November is National Novel Writing Month


National Novel Writing Month (NaNoWriMo) is a fun, seat-of-your-pants approach to creative writing. 

On November 1, participants begin working towards the goal of writing a 50,000-word novel by 11:59 PM on November 30.

Valuing enthusiasm, determination, and a deadline, NaNoWriMo is for anyone who has ever thought about writing a novel.


Literary Magazine Call for Submissions [Bonus]

Earn bonus in any of my high school courses (excluding dual enrollment) if your submission is published in the Winter issue of the school literary magazine. (Short stories = 20 points Essay = 20 points Poetry = 10 points  Other Work (drawings, comics, artistic photography, etc.) = 5 points.) Please note that submission does not guarantee inclusion. See details below:

Chadwick School Literary Magazine: Call for Submissions

The Chadwick School Literary Society is looking for original creative works by Chadwick students to publish in our school literary magazine.

Short stories, poetry, essays, songs, comics, drawings, photography, and other creative works will all be considered. You may submit work from class assignments or that you completed at home. More

Snow Day Drabble

A drabble is a story of exactly 100 words. Though drabbles are usually fictional, we will be writing nonfiction stories about the most interesting thing you did over your extended winter break. Remember that although these stories must be only 100 words–no more and no less–the idea is to still tell an interesting and meaningful story.

Post your snow day drabble in the comments to this post!

Drama is based on the mistake…

“Drama is based on the Mistake. I think someone is my friend when he really is my enemy, that I am free to marry a woman when in fact she is my mother, that this person is a chambermaid when it is a young nobleman in disguise, that this well-dressed young man is rich when he is really a penniless adventurer, or that if I do this such and such a result will follow when in fact it results in something very different. All good drama has two movements, first the making of the mistake, then the discovery that it was a mistake.”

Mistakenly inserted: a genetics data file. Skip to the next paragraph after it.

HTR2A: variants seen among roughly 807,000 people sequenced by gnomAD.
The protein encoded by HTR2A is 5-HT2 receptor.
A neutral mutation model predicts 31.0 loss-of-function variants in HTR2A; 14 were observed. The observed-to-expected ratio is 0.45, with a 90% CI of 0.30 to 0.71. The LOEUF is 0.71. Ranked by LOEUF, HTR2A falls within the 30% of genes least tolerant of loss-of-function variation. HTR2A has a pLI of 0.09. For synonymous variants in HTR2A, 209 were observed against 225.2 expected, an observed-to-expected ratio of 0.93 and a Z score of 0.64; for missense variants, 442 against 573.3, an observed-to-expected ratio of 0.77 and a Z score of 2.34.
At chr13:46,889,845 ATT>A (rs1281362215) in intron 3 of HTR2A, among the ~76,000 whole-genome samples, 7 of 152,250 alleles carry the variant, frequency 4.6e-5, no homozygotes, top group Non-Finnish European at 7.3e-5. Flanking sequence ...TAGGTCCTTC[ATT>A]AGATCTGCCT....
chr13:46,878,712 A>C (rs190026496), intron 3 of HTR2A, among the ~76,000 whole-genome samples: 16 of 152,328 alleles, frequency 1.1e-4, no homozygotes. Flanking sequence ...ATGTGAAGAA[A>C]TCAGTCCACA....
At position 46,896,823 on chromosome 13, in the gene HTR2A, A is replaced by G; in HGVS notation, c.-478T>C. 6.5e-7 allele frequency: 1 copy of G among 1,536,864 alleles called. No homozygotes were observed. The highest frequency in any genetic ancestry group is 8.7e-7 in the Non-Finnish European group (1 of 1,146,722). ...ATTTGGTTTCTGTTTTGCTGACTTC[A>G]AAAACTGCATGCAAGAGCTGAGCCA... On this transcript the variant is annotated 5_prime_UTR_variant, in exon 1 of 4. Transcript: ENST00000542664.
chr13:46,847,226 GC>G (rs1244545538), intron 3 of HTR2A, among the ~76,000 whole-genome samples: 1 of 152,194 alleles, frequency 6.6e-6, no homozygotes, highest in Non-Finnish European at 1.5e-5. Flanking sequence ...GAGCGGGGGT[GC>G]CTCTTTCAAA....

W.H. Auden

Air and Light and Time and Space

This comic from Zen Pencils is based on a poem by Charles Bukowski. Click on the image to see the illustrated version or read the poem below:

air and light and time and space

“–you know, I’ve either had a family, a job,
something has always been in the
but now
I’ve sold my house, I’ve found this
place, a large studio, you should see the space and
the light.
for the first time in my life I’m going to have
a place and the time to

no baby, if you’re going to create
you’re going to create whether you work
16 hours a day in a coal mine
you’re going to create in a small room with 3 children
while you’re on
you’re going to create with part of your mind and your body blown
you’re going to create blind
you’re going to create with a cat crawling up your
back while
the whole city trembles in earthquake, bombardment,
flood and fire.

baby, air and light and time and space
have nothing to do with it
and don’t create anything
except maybe a longer life to find
new excuses

Words I Never Want to Read

In this instructive piece, editor Jamie Chavez talks a bit about pet words in creative writing, but mostly she focuses on “some words and phrases [she] really wish[es] you wouldn’t use, because,  frankly, [she is] tired of reading them.”

• I couldn’t help but … (notice, think, wonder)
This phrase shows up in many variations, and all of them are unoriginal and empty. Stop it. Just say, “I noticed …”

• Truth be known
Aside from the fact it’s way overused, it’s awkward. If you really must use it, it should properly be If the truth were known. Don’t tell me it’s your voice. Please.

• Suddenly
The hallmark of an inexperienced writer. Think about it: everything in fiction (in life!) happens suddenly. One second it wasn’t happening … and then it was. Suddenly.

• Blurt out
You remember my post on dialogue tags, right? I’m already not crazy about blurt for that reason, but when you write he blurted out, I cringe at the redundancy.

• I thought to myself (or he thought to himself)
Of course you think to yourself! Who else is in there with you? Now, you can say things to yourself. That means you’re speaking out loud, but are not engaged in a dialogue with another character. And that’s fine. Although it is, they say, one of the first signs of insanity.

• Then, then, and then
It’s not necessary to keep reminding me that one action came after another.

• Memories that flash or crash
Why is it so difficult to write about memories? Phrases like Memories of that day came crashing down on him or He flashed back to a happier time are just overdone. Corollary: memories that stab, as in Waves of guilt stabbed at him. Ick.

• That
He used to think that he couldn’t live without her. Then he realized that he could. If I had a nickel (as my father used to say) for every superfluous that I’ve removed from manuscripts, I could retire to that little beach house on Tybee Island I’ve had my eye on.

Read her full post here.